I started working in an NGO mostly to write and publish their finished projects, with the condition of me being in charge of authorship (Who is first, who is corresponding, etc). After a while, I received a previous yet-unpublished article on one of the main projects of the organization that they concluded 5 years before my time. The article was objectively very poor, so I decided to write it again from scratch. It took me one full year, considering it was a sensitive subject and also required non-routine statistical analyses that I had to learn on my own, while no one helped me in writing the manuscript or anything else.
Afterward, as I was ready to submit the article, the head of the NGO, that used to be my professor, excluded this article from our initial agreement and insisted that the person with the original idea 5 years ago should be the first author, and she herself should be the corresponding author. Additionally, the person who wrote the original poor article should have a place in the authorship too.
Now I am not happy with this. As while I understand they had the idea and managed the project, I think they should be co-corresponding authors and I should be the first author. Also, I don't think the previous author has any rights to be in the authorship of the present article. However, the terms are non-negotiable to them and they won't accept anything else. Am I wrong? What should I do?

  • 1
    Well, not much if you have given them the re-write. If you have not then keep it safe until this is sorted.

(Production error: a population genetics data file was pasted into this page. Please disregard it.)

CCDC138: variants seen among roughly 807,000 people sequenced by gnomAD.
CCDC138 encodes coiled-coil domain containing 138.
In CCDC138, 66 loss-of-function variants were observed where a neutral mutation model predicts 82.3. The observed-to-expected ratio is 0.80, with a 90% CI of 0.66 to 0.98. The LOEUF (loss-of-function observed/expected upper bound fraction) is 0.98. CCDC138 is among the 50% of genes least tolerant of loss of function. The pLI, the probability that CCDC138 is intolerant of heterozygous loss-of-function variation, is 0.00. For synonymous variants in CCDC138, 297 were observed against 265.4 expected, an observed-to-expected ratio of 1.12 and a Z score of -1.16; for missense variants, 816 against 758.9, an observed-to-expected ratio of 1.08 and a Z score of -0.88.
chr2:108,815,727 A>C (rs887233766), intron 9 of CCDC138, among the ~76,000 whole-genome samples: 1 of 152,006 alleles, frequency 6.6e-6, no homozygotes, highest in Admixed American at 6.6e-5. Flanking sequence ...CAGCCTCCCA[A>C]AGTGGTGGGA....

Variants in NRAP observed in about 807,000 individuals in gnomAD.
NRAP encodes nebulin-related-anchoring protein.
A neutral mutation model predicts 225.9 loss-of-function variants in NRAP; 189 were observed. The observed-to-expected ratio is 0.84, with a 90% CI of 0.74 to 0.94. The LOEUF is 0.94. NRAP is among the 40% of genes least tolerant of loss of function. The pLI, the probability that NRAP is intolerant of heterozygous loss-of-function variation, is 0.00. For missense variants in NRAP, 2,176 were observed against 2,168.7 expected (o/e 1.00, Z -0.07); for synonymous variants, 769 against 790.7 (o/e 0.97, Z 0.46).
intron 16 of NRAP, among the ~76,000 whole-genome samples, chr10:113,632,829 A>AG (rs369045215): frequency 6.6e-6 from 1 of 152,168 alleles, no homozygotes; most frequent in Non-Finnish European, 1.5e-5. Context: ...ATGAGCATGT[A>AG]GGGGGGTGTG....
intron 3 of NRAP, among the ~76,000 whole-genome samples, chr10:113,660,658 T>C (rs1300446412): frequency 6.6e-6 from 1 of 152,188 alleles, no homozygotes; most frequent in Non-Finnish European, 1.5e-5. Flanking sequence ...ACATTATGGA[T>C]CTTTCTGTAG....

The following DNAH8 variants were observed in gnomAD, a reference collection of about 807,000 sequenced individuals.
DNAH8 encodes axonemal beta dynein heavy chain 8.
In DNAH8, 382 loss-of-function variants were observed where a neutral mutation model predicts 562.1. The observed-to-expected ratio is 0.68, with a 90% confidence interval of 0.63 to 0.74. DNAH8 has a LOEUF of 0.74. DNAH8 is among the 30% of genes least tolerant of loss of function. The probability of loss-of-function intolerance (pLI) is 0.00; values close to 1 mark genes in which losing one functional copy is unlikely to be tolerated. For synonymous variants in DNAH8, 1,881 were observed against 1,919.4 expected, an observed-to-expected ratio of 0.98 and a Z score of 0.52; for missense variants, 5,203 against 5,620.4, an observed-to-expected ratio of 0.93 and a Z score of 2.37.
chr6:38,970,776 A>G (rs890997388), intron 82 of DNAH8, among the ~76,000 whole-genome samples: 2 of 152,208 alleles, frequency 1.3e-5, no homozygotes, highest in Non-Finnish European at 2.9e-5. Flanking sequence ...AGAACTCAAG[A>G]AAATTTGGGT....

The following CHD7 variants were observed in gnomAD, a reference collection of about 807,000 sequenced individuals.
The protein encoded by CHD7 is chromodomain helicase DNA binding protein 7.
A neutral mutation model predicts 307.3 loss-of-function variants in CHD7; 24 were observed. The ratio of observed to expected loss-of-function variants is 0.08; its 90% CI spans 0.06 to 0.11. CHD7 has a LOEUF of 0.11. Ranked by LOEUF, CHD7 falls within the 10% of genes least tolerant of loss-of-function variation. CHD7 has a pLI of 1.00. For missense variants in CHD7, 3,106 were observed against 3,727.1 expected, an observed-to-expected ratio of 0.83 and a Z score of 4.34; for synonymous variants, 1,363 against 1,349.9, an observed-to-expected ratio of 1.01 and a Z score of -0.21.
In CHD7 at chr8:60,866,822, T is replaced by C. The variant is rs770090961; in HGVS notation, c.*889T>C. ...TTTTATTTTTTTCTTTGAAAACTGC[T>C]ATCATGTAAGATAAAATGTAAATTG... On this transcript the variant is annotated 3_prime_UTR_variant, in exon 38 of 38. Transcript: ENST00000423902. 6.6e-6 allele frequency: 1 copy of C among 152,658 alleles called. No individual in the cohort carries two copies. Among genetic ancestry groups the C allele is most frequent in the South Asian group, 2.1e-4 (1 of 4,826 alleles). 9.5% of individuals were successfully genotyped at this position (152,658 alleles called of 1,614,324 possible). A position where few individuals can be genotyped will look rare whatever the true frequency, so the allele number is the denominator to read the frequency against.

– Solar Mike
    Commented Jul 7, 2020 at 9:53
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    I don't think the previous author has any rights to be in the authorship of the present article, why? They wrote the foundation.
    – user2768
    Commented Jul 7, 2020 at 9:55
  • @user2768 not even a single word is used from the poor original article. Should she still be in the article ? Commented Jul 7, 2020 at 10:35
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    @Etem You took her intellectual property and built upon it, you cannot claim the resulting work doesn't belong to her in part. If you were to give me the current draft and I didn't use a single word of yours in a new draft, could I drop you as a co-author? I don't see a difference between dropping her and dropping you.
    – user2768
    Commented Jul 7, 2020 at 11:51
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    @Etem So I didn't even use her as foundation. To exclude her you'd need to argue that her work had no impact on the results (or get her to agree to be excluded).
    – user2768
    Commented Jul 7, 2020 at 13:02

1 Answer 1


Time is not a real concern. Having some draft written 5 years ago, or 5 days ago should not make a difference. So, the original author should be on the author list.

Another option: You may go with your own publication while citing the original (unpublished) version. In that path, you need to describe what you add over that unpublished version. If you have not added much in terms of contribution, you cannot use that option.

Being the first author is a different concept. In most organizations, the author list is sorted by contribution levels of corresponding authors. I assume that is the same in your case. So, according to your words, the manuscript is written almost completely by you, analysis and other supporting work are done by you. If that is correct, you should have the right to be the first author.

What can you do? You need to convince others to be the first. Well, that is not the only thing you need to do. Other authors should approve the whole manuscript, not only the order of authors.

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